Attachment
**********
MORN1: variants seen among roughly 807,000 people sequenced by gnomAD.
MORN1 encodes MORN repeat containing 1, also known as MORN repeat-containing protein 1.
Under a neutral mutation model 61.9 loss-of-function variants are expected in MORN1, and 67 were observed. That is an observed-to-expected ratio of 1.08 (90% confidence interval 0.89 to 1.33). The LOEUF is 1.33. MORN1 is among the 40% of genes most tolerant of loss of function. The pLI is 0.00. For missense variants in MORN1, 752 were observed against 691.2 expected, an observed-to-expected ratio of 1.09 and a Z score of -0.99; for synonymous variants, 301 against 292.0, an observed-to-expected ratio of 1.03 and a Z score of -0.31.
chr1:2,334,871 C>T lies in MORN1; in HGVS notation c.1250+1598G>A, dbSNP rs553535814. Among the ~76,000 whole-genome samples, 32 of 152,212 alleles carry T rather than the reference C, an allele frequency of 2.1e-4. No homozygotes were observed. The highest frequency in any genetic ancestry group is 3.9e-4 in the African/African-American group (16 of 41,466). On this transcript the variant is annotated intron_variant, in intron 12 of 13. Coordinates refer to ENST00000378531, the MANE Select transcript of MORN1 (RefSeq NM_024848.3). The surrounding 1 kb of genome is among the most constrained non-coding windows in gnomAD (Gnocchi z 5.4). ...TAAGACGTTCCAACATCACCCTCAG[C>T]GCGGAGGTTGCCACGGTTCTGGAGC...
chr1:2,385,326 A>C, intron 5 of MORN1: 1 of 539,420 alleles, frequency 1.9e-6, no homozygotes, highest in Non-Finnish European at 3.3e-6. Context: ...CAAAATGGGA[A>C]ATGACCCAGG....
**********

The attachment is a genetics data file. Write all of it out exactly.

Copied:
MORN1: variants seen among roughly 807,000 people sequenced by gnomAD.
MORN1 encodes MORN repeat containing 1, also known as MORN repeat-containing protein 1.
Under a neutral mutation model 61.9 loss-of-function variants are expected in MORN1, and 67 were observed. That is an observed-to-expected ratio of 1.08 (90% confidence interval 0.89 to 1.33). The LOEUF is 1.33. MORN1 is among the 40% of genes most tolerant of loss of function. The pLI is 0.00. For missense variants in MORN1, 752 were observed against 691.2 expected, an observed-to-expected ratio of 1.09 and a Z score of -0.99; for synonymous variants, 301 against 292.0, an observed-to-expected ratio of 1.03 and a Z score of -0.31.
chr1:2,334,871 C>T lies in MORN1; in HGVS notation c.1250+1598G>A, dbSNP rs553535814. Among the ~76,000 whole-genome samples, 32 of 152,212 alleles carry T rather than the reference C, an allele frequency of 2.1e-4. No homozygotes were observed. The highest frequency in any genetic ancestry group is 3.9e-4 in the African/African-American group (16 of 41,466). On this transcript the variant is annotated intron_variant, in intron 12 of 13. Coordinates refer to ENST00000378531, the MANE Select transcript of MORN1 (RefSeq NM_024848.3). The surrounding 1 kb of genome is among the most constrained non-coding windows in gnomAD (Gnocchi z 5.4). ...TAAGACGTTCCAACATCACCCTCAG[C>T]GCGGAGGTTGCCACGGTTCTGGAGC...
chr1:2,385,326 A>C, intron 5 of MORN1: 1 of 539,420 alleles, frequency 1.9e-6, no homozygotes, highest in Non-Finnish European at 3.3e-6. Context: ...CAAAATGGGA[A>C]ATGACCCAGG....